Monday, May 04, 2009

Pakistan: Conflicting views of a deteriorating situation.

The news from Pakistan gets more worrisome by the day. Not only because the situation is obviously deteriorating but because the legitimating explanations for the situation there are so different, depending on which side of the information flow you are on. Today’s New York Times has two articles on the situation, one yesterday, all revealing how dangerous is the long term trend. Compare those with an article by Iqbal Jafar in Dawn today.

The NYTimes article by Sabrina Tavernise [“Pakistan’s Islamic Schools Fill Void, but Fuel Militancy”], for instance, describes the conditions under which the madrasas of Pakistan have grown in number. The government and the wealthy class have no interest in funding a viable educational system for the country, madrasas are a source of income for those whose only training has been in the memorization of the Koran, and anyway education beyond learning to recite the Koran is not prized among the poor. The trend in Pakistan seems to be toward the continuance if not the expansion of Islamic schools. Such schools are not necessarily radical or Islamist but some of them can be an early stage in the radicalization of some young people. [For this article go to:]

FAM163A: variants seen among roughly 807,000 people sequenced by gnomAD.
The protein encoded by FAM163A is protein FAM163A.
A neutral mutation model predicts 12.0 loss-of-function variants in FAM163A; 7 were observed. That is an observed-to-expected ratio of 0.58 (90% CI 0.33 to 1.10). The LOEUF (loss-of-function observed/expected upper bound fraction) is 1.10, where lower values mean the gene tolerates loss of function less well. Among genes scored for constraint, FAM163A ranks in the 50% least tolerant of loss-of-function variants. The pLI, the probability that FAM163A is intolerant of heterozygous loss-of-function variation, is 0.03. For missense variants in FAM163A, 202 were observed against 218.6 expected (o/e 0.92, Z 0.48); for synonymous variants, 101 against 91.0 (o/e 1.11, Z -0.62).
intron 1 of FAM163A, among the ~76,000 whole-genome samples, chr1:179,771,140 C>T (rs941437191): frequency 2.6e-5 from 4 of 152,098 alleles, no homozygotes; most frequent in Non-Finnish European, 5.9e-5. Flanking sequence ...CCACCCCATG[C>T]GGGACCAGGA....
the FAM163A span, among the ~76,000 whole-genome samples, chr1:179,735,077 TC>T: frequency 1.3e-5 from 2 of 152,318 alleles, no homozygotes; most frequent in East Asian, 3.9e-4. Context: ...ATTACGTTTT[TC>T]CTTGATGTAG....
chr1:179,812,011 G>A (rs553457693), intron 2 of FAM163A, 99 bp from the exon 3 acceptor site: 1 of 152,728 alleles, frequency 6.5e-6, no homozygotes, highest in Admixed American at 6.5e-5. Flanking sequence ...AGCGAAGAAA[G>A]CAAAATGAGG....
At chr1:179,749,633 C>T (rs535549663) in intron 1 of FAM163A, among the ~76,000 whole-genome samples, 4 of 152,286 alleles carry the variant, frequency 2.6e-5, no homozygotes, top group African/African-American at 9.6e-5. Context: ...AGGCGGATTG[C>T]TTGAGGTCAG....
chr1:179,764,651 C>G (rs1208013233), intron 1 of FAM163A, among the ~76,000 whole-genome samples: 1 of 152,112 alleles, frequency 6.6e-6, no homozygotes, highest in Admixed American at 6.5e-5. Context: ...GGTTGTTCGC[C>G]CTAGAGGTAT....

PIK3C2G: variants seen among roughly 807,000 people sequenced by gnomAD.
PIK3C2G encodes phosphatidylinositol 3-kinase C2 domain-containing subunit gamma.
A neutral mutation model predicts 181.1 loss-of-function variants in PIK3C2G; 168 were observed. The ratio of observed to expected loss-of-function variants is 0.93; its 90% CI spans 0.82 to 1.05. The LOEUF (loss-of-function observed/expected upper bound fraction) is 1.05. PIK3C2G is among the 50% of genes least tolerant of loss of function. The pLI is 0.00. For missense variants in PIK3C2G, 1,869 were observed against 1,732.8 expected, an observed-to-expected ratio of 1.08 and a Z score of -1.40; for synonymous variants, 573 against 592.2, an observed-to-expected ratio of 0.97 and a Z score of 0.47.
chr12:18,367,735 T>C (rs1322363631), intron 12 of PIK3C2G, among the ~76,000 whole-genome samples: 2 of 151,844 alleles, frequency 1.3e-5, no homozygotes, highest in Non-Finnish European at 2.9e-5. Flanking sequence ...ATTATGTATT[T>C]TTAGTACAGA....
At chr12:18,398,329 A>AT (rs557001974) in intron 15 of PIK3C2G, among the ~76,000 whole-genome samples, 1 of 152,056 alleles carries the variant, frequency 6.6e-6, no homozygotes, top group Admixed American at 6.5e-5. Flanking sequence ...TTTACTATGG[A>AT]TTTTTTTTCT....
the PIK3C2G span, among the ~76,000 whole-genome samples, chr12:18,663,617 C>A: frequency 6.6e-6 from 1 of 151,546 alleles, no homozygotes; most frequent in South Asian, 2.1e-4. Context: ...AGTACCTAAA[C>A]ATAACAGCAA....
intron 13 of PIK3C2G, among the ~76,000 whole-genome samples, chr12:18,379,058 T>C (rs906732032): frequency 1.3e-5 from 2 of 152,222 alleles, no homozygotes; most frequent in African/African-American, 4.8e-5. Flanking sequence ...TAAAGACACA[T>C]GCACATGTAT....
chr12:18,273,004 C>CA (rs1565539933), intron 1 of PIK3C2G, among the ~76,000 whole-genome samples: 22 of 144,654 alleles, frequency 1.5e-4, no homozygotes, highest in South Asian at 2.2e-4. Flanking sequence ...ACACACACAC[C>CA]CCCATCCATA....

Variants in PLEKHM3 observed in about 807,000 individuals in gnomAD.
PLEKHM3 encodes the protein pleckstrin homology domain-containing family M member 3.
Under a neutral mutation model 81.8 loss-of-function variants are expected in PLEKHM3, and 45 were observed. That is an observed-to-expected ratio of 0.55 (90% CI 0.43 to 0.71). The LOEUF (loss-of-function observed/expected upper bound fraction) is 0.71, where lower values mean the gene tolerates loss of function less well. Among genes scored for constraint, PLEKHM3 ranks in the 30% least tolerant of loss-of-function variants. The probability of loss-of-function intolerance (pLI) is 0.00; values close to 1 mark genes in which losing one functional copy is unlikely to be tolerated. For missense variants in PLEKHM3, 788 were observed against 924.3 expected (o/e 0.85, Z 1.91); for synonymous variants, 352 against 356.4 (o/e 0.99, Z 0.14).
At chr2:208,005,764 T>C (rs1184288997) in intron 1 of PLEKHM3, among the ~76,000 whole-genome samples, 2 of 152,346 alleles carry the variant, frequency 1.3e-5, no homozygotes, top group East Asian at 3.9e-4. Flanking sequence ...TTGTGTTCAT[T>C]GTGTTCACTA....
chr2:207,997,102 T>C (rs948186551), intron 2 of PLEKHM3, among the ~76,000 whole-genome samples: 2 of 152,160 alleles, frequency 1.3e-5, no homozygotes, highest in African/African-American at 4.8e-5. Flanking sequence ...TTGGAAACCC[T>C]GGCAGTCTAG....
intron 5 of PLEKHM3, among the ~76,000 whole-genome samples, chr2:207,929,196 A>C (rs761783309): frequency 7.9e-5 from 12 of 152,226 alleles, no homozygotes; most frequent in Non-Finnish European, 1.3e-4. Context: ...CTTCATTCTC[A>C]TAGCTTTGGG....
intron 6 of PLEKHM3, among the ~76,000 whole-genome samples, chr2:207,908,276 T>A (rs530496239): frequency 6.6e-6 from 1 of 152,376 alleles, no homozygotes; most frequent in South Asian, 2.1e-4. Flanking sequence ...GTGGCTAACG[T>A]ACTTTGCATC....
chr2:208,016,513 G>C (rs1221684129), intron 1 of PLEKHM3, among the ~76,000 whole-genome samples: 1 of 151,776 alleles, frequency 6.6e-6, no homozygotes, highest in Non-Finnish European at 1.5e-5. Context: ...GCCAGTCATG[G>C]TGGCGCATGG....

Consider how different is the view presented in Dawn today, “The roots of fanaticism,” by Iqbal Jafar. His point is that the advance of other religious groups into “Muslim lands” is the cause of the advance of Islamic insurgency. His concluding sentence captures it all: “Hence, so long as Muslim lands remain under the occupation of others [Jews, Christians, Hindus], militants will be seen as freedom fighters and liberals as collaborators of the West. The West should not, therefore, expect to eliminate the militants while it remains in possession of Muslim lands. . . . As for the liberals, they will be lucky if they merely cease to be relevant.” [For this article go to:]

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